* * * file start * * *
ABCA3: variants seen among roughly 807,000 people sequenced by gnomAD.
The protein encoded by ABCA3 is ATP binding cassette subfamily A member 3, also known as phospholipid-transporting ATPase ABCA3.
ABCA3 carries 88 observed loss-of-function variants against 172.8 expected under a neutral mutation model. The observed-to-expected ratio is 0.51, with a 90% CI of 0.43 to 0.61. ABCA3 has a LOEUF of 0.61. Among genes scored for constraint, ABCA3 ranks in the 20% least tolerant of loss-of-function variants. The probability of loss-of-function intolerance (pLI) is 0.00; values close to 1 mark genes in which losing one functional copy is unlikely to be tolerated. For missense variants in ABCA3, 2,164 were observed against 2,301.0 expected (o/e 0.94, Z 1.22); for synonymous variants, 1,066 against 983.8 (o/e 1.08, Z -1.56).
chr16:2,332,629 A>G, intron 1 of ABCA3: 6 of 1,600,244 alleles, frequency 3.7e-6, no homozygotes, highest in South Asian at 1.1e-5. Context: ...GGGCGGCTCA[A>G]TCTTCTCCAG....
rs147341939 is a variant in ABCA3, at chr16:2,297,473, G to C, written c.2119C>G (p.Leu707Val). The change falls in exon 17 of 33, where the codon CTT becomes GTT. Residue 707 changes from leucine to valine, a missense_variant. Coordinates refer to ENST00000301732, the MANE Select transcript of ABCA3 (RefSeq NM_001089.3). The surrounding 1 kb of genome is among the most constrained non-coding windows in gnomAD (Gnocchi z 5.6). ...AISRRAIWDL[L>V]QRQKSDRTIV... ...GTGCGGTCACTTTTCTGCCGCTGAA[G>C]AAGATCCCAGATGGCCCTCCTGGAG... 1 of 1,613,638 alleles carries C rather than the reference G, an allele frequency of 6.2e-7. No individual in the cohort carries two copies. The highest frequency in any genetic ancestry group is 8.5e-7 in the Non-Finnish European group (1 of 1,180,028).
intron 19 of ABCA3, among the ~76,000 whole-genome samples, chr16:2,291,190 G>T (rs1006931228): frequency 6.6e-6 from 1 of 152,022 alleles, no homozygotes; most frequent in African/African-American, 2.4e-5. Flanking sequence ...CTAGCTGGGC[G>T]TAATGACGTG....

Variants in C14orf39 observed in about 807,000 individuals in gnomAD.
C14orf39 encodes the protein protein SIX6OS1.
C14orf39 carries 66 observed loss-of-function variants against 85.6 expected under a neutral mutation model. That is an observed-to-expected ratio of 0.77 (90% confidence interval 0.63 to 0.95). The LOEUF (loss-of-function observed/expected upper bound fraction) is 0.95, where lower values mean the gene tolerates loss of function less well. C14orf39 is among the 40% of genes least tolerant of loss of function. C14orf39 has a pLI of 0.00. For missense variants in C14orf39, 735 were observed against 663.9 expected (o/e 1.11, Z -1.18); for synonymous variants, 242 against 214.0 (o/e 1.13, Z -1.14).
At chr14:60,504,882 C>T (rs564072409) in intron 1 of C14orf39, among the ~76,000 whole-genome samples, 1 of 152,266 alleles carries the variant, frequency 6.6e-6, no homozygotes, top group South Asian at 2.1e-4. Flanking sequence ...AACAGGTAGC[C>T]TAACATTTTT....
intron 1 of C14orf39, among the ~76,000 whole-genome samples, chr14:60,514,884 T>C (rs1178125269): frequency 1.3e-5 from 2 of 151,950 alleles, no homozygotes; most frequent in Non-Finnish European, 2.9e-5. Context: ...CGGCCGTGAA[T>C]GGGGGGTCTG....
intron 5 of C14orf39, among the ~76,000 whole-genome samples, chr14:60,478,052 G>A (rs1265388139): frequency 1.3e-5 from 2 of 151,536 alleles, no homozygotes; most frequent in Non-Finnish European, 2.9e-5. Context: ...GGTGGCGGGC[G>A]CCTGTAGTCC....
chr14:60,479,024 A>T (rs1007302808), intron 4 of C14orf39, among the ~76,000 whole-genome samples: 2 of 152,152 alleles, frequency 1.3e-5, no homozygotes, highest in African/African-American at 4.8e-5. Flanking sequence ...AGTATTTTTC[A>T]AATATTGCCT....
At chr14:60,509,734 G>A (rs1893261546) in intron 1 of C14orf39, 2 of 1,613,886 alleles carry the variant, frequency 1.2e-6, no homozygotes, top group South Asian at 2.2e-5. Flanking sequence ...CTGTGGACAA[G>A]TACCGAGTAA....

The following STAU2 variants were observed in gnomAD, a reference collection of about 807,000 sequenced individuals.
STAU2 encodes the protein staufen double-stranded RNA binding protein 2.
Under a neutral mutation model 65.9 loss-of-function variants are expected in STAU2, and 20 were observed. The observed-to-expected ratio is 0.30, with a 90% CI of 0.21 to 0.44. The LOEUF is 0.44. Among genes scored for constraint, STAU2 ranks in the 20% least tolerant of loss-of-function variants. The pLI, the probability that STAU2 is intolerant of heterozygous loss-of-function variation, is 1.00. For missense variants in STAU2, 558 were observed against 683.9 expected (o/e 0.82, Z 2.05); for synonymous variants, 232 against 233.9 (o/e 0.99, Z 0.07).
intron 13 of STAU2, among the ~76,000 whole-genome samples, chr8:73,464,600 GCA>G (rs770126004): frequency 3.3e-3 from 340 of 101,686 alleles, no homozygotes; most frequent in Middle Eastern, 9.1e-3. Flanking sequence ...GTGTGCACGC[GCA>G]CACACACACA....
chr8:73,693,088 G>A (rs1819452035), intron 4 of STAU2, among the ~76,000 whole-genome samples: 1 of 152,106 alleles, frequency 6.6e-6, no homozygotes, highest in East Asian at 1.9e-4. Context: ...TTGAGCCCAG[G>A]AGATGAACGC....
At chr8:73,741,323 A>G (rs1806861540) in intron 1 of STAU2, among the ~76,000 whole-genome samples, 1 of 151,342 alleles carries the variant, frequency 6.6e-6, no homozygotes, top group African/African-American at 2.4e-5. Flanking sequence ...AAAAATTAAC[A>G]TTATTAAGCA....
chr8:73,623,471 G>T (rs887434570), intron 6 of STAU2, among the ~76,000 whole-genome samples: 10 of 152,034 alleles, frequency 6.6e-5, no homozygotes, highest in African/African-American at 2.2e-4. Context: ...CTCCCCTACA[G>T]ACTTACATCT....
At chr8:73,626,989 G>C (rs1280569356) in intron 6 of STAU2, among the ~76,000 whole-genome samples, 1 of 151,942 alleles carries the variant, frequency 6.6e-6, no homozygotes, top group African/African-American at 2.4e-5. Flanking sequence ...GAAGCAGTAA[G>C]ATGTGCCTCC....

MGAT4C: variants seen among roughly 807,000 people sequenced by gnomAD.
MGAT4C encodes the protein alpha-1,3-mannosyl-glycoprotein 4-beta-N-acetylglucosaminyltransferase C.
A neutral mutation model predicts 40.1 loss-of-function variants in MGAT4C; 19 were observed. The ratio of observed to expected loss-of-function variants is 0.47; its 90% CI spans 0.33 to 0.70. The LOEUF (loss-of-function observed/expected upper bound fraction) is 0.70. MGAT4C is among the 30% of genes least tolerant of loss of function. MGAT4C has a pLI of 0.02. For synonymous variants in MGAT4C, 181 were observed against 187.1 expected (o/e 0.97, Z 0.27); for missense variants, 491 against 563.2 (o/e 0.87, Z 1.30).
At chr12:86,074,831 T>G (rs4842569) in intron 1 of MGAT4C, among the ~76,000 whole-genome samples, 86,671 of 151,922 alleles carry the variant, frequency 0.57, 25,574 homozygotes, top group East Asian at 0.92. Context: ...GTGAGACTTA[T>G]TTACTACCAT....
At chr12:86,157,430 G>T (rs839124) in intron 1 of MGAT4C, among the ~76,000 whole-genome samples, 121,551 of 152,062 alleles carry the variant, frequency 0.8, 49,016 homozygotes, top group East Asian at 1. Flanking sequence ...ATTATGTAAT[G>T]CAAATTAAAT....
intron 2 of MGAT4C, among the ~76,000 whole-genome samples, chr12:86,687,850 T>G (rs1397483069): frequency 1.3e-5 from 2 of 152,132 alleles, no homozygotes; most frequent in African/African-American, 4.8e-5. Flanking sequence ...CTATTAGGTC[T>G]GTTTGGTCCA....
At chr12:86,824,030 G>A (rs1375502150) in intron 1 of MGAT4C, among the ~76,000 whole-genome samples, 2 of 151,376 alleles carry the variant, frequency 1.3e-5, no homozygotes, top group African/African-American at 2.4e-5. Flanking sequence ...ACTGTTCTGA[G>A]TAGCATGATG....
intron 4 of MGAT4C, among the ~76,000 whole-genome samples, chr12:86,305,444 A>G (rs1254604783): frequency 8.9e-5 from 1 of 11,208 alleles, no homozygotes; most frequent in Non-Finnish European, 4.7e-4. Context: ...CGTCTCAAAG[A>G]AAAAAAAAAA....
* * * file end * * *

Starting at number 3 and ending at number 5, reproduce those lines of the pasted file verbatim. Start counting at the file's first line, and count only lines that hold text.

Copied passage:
ABCA3 carries 88 observed loss-of-function variants against 172.8 expected under a neutral mutation model. The observed-to-expected ratio is 0.51, with a 90% CI of 0.43 to 0.61. ABCA3 has a LOEUF of 0.61. Among genes scored for constraint, ABCA3 ranks in the 20% least tolerant of loss-of-function variants. The probability of loss-of-function intolerance (pLI) is 0.00; values close to 1 mark genes in which losing one functional copy is unlikely to be tolerated. For missense variants in ABCA3, 2,164 were observed against 2,301.0 expected (o/e 0.94, Z 1.22); for synonymous variants, 1,066 against 983.8 (o/e 1.08, Z -1.56).
chr16:2,332,629 A>G, intron 1 of ABCA3: 6 of 1,600,244 alleles, frequency 3.7e-6, no homozygotes, highest in South Asian at 1.1e-5. Context: ...GGGCGGCTCA[A>G]TCTTCTCCAG....
rs147341939 is a variant in ABCA3, at chr16:2,297,473, G to C, written c.2119C>G (p.Leu707Val). The change falls in exon 17 of 33, where the codon CTT becomes GTT. Residue 707 changes from leucine to valine, a missense_variant. Coordinates refer to ENST00000301732, the MANE Select transcript of ABCA3 (RefSeq NM_001089.3). The surrounding 1 kb of genome is among the most constrained non-coding windows in gnomAD (Gnocchi z 5.6). ...AISRRAIWDL[L>V]QRQKSDRTIV... ...GTGCGGTCACTTTTCTGCCGCTGAA[G>C]AAGATCCCAGATGGCCCTCCTGGAG... 1 of 1,613,638 alleles carries C rather than the reference G, an allele frequency of 6.2e-7. No individual in the cohort carries two copies. The highest frequency in any genetic ancestry group is 8.5e-7 in the Non-Finnish European group (1 of 1,180,028).